If people won’t understand, then maybe they aren’t really people you need in your life. It’s harsh, yes, but in the long run, people like that will only make you worse. You can drag yourself down enough without their words, and even if you try to ignore them, it can still leave a mark in you self esteem.

    Do what you can, when you can. When you can’t, rest. Rushing is never going to make you suddenly be able to do what you could before, in fact it will only make it worse.

    As for the bill collectors and what not who won’t work with you, there comes a point in time where you just have to let go and either let someone else handle it, or file bankruptcy. Sometimes, even dealing with the ones who will can be too much, so maybe Taylor can help out with that when he is home. The stress from dealing with them is only going to make it worse if you’re not careful.

    I hope you continue to heal, and that things get easier. <3

  • Amy

    I’m not a judger and i think you are handling yourself with grace and love and hope and dignity. Hang in there.

  • b.

    I am so sorry…back pain and all that goes with it really really sucks.
    People can be so judgmental when you are seemingly normal on the outside, but are enduring hell on the inside – both physically and emotionally.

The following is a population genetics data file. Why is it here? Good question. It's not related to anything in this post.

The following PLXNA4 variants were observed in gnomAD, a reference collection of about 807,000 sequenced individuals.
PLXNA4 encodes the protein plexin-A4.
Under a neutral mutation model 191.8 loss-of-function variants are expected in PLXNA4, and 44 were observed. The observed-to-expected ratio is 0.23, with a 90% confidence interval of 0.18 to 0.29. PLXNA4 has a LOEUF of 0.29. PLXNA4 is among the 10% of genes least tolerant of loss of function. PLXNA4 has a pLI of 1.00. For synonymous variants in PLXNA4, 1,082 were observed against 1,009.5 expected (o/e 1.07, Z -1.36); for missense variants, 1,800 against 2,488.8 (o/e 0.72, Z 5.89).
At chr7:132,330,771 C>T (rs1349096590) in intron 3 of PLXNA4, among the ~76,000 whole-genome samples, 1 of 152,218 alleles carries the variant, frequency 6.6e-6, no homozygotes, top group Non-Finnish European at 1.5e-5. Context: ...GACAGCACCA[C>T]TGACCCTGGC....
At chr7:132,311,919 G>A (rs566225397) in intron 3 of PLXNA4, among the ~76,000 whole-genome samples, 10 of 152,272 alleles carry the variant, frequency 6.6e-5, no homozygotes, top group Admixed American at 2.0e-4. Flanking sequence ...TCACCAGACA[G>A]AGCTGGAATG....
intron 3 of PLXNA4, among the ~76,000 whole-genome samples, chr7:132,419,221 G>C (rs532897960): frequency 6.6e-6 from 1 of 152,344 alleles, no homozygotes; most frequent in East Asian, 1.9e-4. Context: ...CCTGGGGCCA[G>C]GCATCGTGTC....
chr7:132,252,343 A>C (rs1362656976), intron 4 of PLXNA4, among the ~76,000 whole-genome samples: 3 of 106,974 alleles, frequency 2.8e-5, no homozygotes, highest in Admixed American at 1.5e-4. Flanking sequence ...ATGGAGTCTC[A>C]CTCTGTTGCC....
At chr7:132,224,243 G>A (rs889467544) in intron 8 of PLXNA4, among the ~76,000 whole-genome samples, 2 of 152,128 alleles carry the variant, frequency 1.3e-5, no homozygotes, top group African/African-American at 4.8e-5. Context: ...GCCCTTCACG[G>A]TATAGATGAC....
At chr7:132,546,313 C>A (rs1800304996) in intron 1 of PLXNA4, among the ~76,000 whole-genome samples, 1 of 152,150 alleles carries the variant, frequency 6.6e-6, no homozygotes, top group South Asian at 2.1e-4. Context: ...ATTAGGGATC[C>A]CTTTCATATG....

I pray you are able to find some relief soon!

  • I wish you the strength to share what you did when times are back to normal for you again. Because, when we share, we give others hope, strength and wisdom.

    I pray that your suffering is relieved as soon as possible. And remember, God never gives you more than you can handle. When things are back to normal again, you will remember who stood by you. And you will make the decision who to have in your “world” and who not to. Maybe this is why you are going through what you are.

    I wish you strength to endure this, and hope you have a speedy recovery.

    Best
    Wendy

  • Oh, hang in there! I believe that you ARE doing your best. Chronic pain is so frustrating.

  • Super behind on my reader. I hope you are feeling a little better each day. Being in pain is awful.

    Feel better.

  • Love you. Sending you happy thoughts and prayers your way.

    What can I do for you?

  • Hi, i must say fantastic website you have, i stumbled across it in Google. Does you get much traffic?

  • Thinking about you…

  • It’s refreshing to see someone very serious about what they do. If only I had your writing aptitude. I look forward to more updates and will be returning.Thanks!

%d bloggers like this: